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Everolimus Has Minimal Economic Impact on Treatment of Pancreatic NETs

March 2012, Vol 3, No 2

San Francisco, CA—Using a prediction model to analyze the impact of adding targeted agents to the treatment of pancreatic neuroendocrine tumors (pNETs), everolimus (Afinitor) had a minimal overall impact on healthcare expenditures, by reducing infusions and surgical procedures costs, according to a study presented at the 2012 Gastrointestinal Cancers Symposium. For patients with advanced pNETs, the median overall survival is typically approximately 2 years. Everolimus was recently approved for the treatment of advanced, progressive pNET based on a significant 65% reduction in risk of disease progression. It is expected, therefore, that oncologists will be incorporating this mTOR inhibitor into their treatment plans for this patient population. Roman Casciano, MS, of Analytica International, New York, and colleagues developed a budget impact model from a US payer's perspective to simulate a typical health plan with 1 million covered lives.

Study Details

The eligible patient population was derived using the incidence of advanced pNETs of 0.001%. Patients with advanced, nonprogressive pNETs account ed for 60% of the population, and patients with advanced, progressive tumors accounted for 40%. Treatments included chemotherapy (capecitabine, doxorubicin, streptozocin, temozolomide), the new targeted agents everolimus and sunitinib (Sutent), and best supportive care. Treatment utili zation was based on a previous study of resource utilization in the treatment of pNETs. Drug costs were derived from the 2011 Micromedex RED BOOK, and medical resource utilization costs were taken from the 2011 MAG Mutual Physicians' Fee and Coding Guide. Treatment-related grade 3/4 adverse event rates were obtained from clinical trials, whereas the cost of management was based on secondary literature.

Economic Impact of Various Therapies for pNETs.
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Before the approval of sunitinib and everolimus, 43% of patients with pNETs received chemotherapy and 57% received best supportive care alone, Mr Casciano and colleagues determined. After the approval of these 2 new therapies, the prediction model assumed that 14% of patients would receive chemotherapy, 13% would receive everolimus, and 16% would receive sunitinib. The researchers constructed a scenario to evaluate the economic impact of increasing and decreasing the market share of everolimus relative to sunitinib. The model estimated the annual aggregate budget impact, stratified by resource, and budget impact per member per month. Prevalence estimates applied to the hypothetical population yielded 12 patients with advanced pNETs. Stratifying the annual cost by treatment comparators, the investigators determined that the use of targeted therapies was associated with a budget increase of $53,927 in a hypothetical healthcare plan of 1 million subscribers; however, reductions in cost from other comparators produced the net increase of $22,657 (Table), according to Mr Casciano.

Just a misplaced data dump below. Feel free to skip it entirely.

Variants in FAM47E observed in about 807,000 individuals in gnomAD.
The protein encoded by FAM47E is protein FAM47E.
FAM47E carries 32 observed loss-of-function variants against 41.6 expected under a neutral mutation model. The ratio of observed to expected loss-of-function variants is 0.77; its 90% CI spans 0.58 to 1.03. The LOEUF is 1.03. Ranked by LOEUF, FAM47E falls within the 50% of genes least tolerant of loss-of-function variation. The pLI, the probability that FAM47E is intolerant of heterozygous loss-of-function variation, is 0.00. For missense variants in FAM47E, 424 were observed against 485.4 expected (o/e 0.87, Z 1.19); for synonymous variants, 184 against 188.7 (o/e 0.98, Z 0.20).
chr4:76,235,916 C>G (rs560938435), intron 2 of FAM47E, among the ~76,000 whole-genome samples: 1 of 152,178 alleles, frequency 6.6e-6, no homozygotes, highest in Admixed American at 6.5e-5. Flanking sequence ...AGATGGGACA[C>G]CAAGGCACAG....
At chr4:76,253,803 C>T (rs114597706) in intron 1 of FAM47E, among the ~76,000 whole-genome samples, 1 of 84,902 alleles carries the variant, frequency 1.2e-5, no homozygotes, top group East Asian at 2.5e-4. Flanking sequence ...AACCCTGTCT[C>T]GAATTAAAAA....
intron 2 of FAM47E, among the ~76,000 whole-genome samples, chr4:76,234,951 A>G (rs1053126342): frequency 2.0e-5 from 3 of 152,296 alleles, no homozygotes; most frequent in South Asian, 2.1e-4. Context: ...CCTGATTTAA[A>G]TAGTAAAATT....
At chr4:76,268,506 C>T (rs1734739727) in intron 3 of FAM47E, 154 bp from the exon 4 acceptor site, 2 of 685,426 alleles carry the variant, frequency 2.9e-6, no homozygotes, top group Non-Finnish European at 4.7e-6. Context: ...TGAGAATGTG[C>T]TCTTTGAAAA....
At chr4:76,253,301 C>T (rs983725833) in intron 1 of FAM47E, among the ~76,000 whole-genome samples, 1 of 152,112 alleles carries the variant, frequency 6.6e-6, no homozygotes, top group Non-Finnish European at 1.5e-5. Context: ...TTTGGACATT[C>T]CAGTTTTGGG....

In the base-case analysis, this amounted to an increase of only $0.0019 per member per month, or $0.0227 per member per year, he said. "The antitumor treatment costs composed the largest percent increase, 601%, in cost among all healthcare resource costs. Conversely, infusion costs decreased by 68% and surgical procedure costs decreased by about 35%," he noted. Scenario analyses showed that increases in the share of everolimus relative to sunitinib (29% everolimus vs 2% sunitinib) resulted in a lower aggregate economic impact, or an additional cost to the plan of $18,000. Increasing the market share of sunitinib relative to everolimus (0% everolimus vs 29% sunitinib) yielded a higher aggregate economic impact compared with the base-case analysis, which assumed 13% of patients received everolimus and 16% received sunitinib.

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